In order to create the best educational course for nurses possible, it is necessary to understand the background in the Early Childcare and Education, its purpose and ways of work in the European countries. That is why the partners are working on a comparative study about the Early childcare and Education System in the partner countries.
The next country we would like to present after Greece, Czech Republic, Flanders, Sweden and Spain is Germany.
Parenthood and employment
A married couple with one or two children – that is the average German family. But family models are becoming more diverse. There is a high proportion of single parents, patchwork families with children from the parents’ previous partnerships, and rainbow families with same-sex couples. On the other hand, large families with several generations under one roof have become rare. (www.deutschland.de)
The main concern of the Federal Republic of Germany is to find ways to reconcile work and family life. Family policy issues at the national level are addressed by –the Ministry of Family Affairs, Senior Citizens, Women and Youth. (BMFSJ- Bundesministerium für Familie, Senioren, Frauen und Jugend)
Policy-makers have been trying to make it easier for women and men to reconcile their work and family-life. Since 2013 in Germany, all children aged 1 and over have a legal right to education, early learning and care at a day nursery/preschool or with a childminder. Germany’s federal states have invested heavily in the expansion of childcare for infants and school children.
Germany had female employment rate well above the OECD average in 2016, with 70,2% of women between 16-64 in employment compared to an average of 59,1%.
Although 70% of mothers and 6% of fathers work part time, in part-time employment there were differences between mothers in East and West Germany: while in the east in 2017, 49% of mothers with underage children worked part-time, the proportion in the West was 74%. (www.destatis.de)
15% of fathers who worked part-time in 2016 reported childcare as a reason for reducing their working time. The generation of young fathers would like to spend more time with their children and be more involved in their upbringing. Currently, as many as 1 in 3 takes advantage of the parental allowance for two to three months. (www.destatis.de)
Maternity/parental leave and benefits
Maternity leave – Mutterschaftsgeld
In Germany maternity leave is 14 weeks. Maternity periods usually begin 6 weeks before birth and usually end 8 weeks after birth. Maternity benefits are 100% of the average salary of the last three calendar months before pregnancy. The maternity pay is considered normal salary and taxes and social security contributions are paid accordingly.
Parental leave – Elternzeit
Parental leave is 14 months of flexible time that can be split between both parents. The most common strategy is 12 months of parental leave for the mother and 2 more months for the father, but there exist many different splits that can be used.
The possibility how to extend parental leave is an early return to work part-time. In cases when both parents work part-time in the 4 months following there exists special opportunity to take a “Partnerschaft bonus” which means 4 more months of parental leave for both of the parents. When the mother starts to work earlier – during the child’s first year, parents can ask for Elterngeld Plus which adds 12 more months of parental leave.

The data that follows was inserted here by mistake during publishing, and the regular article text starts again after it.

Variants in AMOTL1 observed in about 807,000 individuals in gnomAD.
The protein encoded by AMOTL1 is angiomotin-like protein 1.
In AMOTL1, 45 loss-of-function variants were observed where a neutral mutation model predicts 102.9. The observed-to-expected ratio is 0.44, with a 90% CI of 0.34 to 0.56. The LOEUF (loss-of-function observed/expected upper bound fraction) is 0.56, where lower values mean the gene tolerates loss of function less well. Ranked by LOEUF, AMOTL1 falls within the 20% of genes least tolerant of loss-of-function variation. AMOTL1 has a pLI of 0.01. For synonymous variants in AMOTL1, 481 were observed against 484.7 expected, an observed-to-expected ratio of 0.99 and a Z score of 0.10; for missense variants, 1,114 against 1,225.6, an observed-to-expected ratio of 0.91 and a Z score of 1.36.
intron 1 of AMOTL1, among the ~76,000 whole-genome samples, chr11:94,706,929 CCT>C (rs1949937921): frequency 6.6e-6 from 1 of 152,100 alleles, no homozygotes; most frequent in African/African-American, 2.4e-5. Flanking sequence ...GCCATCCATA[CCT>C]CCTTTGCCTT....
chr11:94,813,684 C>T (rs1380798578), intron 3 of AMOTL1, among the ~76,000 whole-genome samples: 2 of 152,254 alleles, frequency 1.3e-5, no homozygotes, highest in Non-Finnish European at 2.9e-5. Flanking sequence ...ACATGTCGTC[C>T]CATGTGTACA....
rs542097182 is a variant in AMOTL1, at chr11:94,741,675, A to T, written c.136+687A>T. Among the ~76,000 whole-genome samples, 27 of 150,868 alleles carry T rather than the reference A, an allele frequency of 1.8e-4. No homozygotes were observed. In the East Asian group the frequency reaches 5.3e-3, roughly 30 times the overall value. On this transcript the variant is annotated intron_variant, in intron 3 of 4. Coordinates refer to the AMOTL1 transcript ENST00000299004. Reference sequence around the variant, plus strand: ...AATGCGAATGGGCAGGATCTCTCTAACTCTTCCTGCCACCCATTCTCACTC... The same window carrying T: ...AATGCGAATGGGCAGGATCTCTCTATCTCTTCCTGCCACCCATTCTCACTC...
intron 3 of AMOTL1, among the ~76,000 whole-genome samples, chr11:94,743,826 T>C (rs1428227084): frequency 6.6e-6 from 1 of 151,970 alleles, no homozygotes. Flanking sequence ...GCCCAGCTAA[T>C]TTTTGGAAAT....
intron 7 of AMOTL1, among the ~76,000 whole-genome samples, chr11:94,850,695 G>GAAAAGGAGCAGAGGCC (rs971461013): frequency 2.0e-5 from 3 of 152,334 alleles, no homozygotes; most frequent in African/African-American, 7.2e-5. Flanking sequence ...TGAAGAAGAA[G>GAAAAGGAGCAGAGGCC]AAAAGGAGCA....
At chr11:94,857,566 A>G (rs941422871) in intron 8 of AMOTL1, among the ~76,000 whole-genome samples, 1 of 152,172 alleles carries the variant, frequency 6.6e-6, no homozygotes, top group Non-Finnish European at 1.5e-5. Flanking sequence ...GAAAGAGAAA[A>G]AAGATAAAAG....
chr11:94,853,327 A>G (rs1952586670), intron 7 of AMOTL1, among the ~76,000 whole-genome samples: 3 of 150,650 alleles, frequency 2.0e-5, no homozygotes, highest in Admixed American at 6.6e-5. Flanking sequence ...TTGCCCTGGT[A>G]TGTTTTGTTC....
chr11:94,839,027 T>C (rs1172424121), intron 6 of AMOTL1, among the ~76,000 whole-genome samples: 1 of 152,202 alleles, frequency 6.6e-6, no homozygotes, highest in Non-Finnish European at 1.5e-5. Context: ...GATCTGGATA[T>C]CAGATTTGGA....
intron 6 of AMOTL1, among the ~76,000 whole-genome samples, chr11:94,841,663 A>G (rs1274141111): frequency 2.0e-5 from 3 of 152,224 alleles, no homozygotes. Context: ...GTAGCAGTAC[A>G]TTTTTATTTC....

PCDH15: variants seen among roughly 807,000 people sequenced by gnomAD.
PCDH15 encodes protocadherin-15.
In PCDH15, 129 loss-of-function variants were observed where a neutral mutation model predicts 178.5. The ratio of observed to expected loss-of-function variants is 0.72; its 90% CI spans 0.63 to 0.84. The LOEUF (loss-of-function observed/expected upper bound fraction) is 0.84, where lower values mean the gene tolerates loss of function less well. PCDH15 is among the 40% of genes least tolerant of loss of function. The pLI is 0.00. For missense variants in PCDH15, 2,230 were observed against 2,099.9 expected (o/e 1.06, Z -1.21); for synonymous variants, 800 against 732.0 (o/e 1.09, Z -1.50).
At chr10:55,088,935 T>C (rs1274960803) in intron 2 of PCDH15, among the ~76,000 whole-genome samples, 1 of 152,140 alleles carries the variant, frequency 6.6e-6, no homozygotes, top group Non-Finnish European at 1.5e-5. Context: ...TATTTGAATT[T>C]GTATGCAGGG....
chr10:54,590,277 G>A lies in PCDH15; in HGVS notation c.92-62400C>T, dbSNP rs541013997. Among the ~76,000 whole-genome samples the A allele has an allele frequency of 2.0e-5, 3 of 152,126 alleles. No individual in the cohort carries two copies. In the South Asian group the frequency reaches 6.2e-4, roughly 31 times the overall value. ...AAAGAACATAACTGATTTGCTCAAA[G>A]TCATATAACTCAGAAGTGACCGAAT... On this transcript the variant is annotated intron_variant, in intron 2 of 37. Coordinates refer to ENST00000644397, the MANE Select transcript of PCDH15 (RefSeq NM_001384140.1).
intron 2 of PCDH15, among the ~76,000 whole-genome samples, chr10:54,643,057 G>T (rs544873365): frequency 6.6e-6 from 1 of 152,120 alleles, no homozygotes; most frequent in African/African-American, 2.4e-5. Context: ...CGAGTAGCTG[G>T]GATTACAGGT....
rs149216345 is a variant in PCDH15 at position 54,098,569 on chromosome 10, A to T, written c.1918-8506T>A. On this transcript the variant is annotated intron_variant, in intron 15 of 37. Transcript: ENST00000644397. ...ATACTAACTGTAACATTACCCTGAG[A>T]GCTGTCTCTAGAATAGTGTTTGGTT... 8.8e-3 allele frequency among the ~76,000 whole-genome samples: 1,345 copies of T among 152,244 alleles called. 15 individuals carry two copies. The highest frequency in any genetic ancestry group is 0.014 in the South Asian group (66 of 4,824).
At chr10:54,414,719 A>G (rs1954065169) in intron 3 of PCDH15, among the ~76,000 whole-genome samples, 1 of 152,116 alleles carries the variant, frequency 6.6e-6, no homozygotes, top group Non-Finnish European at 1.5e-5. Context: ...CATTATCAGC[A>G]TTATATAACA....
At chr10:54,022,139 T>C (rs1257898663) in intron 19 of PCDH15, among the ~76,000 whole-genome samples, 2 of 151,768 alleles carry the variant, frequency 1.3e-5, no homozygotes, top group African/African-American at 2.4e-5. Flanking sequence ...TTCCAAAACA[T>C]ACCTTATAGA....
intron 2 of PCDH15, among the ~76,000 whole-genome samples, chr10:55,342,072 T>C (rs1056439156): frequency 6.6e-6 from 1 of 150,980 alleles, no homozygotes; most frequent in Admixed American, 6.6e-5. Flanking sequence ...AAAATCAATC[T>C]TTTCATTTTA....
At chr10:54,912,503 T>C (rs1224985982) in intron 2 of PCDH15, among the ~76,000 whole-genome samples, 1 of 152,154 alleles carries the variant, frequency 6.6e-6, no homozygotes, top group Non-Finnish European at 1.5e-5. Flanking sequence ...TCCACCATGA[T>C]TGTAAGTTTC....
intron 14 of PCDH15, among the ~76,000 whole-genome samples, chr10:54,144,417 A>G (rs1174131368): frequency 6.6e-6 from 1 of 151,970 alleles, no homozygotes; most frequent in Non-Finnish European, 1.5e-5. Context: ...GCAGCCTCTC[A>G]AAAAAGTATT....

- Basic parental allowance (Elterngeld) – if both mother and father choose parenting and the mother will not work at all during parental leave, 12 months + 2 months “partner months” (total 14 months)
- Parental allowance Plus (Elterngeld Plus) – if both parents choose a minimum of 2 months of parental leave and both have a part-time job, 24 months
- Partnership bonus allowance (Partnerschaft bonus) – if both parents take 4 months together of parental leave and work part-time, 24 months + 4 months
When the parents decide to take parental leave supported by parental allowance they can work between 20-30 hours per week.
The amount of parental allowance depends on many factors: What kind of parentel benefits you choose Basic parental benefit (Elterngeld) or Parental allowance Plus (Elterngeld plus), how much the income was before pregnancy, if it is the first or second child or in the case of twins or multiple births.
As a Basic parental benefit, you will normally receive 65-68% of the net income you had before birth, which is lost after birth. That means Average Basic parental benefit is between 300 and 1,800 euros monthly and the maximum of Basic parental allowance is 1,800 euros. Elterngeld Plus between 150 and 900 euros per month.
Child benefit – Kindergeld
The child allowance ensures the basic care of your children from birth until at least their 18th birthday. The child benefit especially benefits families with small and medium income.
From 1 July 2019, the child benefit will increase by 10 euros. It will then be for the first and second child: 204 euros per month, for the third child: 210 euros per month, for the fourth and each additional child: 235 euros per month.
You can get child benefit until your child is 18 years old or until age 25 if your child is studying or otherwise training for a profession, or completing a recognized voluntary service.
More than 10 years ago Federal Ministry of Family Affairs, Senior Citizens, Women and Youth introduced their first „Aktions programm Kindertagespflege“ focused on the care of children under age three. The main goal of this program was to improve the availability of quality childcare for children under the age of three by non-parental persons all over the Germany. In that time the availability of care for children under the age of three was approximately 20% for Germany as a whole. In 2017 this number has increased to 33,6 %.
The main focus was to expand childcare services both at an institutional level – support for the construction of new childcare facilities for children under the age of three, as well as support for non-institutional forms of childcare for children up to three years of age by a qualified caregiver, the so-called Tagesmutter – childminder.